State Rep. Babette Josephs (D-182nd Dist.) testified Oct. 17 before the House Finance Committee in favor of HB 1828, which seeks to eliminate the inheritance tax the surviving partner of a same-sex couple must pay.
Dan Massing, spokesperson for Republican Rep. Kerry Benninghoff (171st Dist.), who chairs the committee, said that there are “no plans to bring it up [for a vote] at this time.”
Josephs was one of a number of legislators who came before the committee to provide an overview of their proposals at the hearing, all of which dealt with inheritance-tax issues.
Currently, only heterosexual spouses and children under 21 are exempt from paying an inheritance tax on property bequeathed to them by a deceased loved one; adult children or grandchildren must pay a 4.5-percent tax and siblings a 12-percent tax, while “collateral heirs,” which same-sex partners are counted as, are subject to a 15-percent tax.
HB 1828 would extend the full exemption to both same- and opposite-sex partners who would be classified as domestic partners — a relationship of mutual interdependence that would need to be proven through a signed affidavit and two supporting documents, such as a joint mortgage or lease, joint bank accounts or a joint health-insurance policy.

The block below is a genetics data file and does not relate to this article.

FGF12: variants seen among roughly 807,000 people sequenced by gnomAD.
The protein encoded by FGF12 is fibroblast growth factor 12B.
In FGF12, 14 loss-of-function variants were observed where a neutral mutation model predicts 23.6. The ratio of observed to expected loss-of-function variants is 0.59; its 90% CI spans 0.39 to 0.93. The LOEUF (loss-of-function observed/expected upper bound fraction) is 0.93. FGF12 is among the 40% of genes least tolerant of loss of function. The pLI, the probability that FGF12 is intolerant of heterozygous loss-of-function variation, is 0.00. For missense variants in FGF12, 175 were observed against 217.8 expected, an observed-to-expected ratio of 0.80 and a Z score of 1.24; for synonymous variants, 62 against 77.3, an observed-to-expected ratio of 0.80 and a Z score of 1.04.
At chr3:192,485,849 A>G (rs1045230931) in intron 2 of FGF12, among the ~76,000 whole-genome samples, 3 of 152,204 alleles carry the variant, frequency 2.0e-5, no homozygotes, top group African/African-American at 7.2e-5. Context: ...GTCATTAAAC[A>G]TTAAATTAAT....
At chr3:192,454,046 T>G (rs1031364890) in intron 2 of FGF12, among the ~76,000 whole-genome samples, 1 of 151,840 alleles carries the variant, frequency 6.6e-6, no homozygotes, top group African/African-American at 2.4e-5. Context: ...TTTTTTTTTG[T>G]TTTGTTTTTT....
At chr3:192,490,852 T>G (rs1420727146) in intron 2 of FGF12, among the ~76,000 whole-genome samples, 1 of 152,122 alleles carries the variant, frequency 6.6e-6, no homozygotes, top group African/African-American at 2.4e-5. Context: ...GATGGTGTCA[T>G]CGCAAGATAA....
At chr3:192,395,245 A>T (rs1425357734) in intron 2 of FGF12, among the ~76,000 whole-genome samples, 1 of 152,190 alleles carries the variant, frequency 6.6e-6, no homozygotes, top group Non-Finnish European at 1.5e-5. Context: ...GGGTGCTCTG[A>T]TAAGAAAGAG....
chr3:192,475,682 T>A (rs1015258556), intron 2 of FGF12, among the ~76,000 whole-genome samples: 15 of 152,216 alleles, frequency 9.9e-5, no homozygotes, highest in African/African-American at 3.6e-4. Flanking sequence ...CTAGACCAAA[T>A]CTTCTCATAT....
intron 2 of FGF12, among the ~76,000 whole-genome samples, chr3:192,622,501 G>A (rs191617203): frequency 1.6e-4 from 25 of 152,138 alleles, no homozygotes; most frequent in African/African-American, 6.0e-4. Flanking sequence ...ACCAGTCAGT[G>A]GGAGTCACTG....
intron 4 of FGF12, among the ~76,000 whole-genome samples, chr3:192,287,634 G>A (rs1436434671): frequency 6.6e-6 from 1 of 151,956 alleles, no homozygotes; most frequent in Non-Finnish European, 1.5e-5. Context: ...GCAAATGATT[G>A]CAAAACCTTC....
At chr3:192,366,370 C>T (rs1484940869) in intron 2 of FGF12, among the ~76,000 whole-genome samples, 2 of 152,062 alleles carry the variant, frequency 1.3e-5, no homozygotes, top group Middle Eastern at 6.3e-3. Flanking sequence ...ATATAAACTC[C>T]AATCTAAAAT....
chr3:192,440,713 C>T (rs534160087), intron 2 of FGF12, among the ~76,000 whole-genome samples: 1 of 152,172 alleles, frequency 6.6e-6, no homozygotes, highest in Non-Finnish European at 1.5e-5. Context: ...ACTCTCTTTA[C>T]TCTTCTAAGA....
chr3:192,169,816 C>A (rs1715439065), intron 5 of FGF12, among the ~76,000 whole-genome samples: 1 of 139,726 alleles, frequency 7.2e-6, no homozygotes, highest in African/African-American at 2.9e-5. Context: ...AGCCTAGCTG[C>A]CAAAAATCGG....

In her testimony this week, Josephs noted current law penalizes opposite-sex couples who chose not to enter into the institution of marriage, as well as same-sex couples, who are legally prevented from marrying in the commonwealth.
“These ‘non-traditional’ arrangements do not preclude one from loving another individual wholeheartedly and accepting the responsibilities that come along with a monogamous relationship of mutual interdependence,” Josephs said.
Following her statement, Josephs welcomed questions and feedback from the panel but received none.
“I waited for maybe 15 or 30 seconds and nobody asked anything,” Josephs said. “I didn’t hear any questions at all from the Republican members and, based on their records and personalities, I know I had a lot of sympathy from the Democratic members.”
The bill, introduced Sept. 13, currently has 11 Democratic cosponsors: Michelle Brownlee (195th Dist.), Mark Cohen (202nd Dist.), Dom Costa (21st Dist.), Maria Donatucci (185th Dist.), Dan Frankel (23rd Dist.), Robert Freeman (136th Dist.), Patrick Harkins (1st Dist.), Michael McGeehan (173rd Dist.), Michael O’Brien (175th Dist.), Chelsa Wagner (22nd Dist.) and Rosita Youngblood (198th Dist.).
Massing noted that, following all of the testimony, a representative from the Department of Revenue testified about a number of the measures and asserted that HB 1828 may violate the constitutional uniformity clause — which regulates unjust taxation — and Benninghoff’s office is looking into before any action would be considered.
Josephs said she will wait a “reasonable time” before writing to Benninghoff to request he bring the measure up for a committee vote, and that she plans to work with LGBT leaders to mobilize constituents across Pennsylvania to press for the bill.
“This is something that people all over the state should be interested in moving forward so we will need to be identifying and activating people behind this, which is a huge task but something that needs to be done if we’re going to drag this state into this century, or even last century,” Josephs said. “Pennsylvania is woefully behind the states around us in terms of protecting LGBT people.”
Jen Colletta can be reached at firstname.lastname@example.org.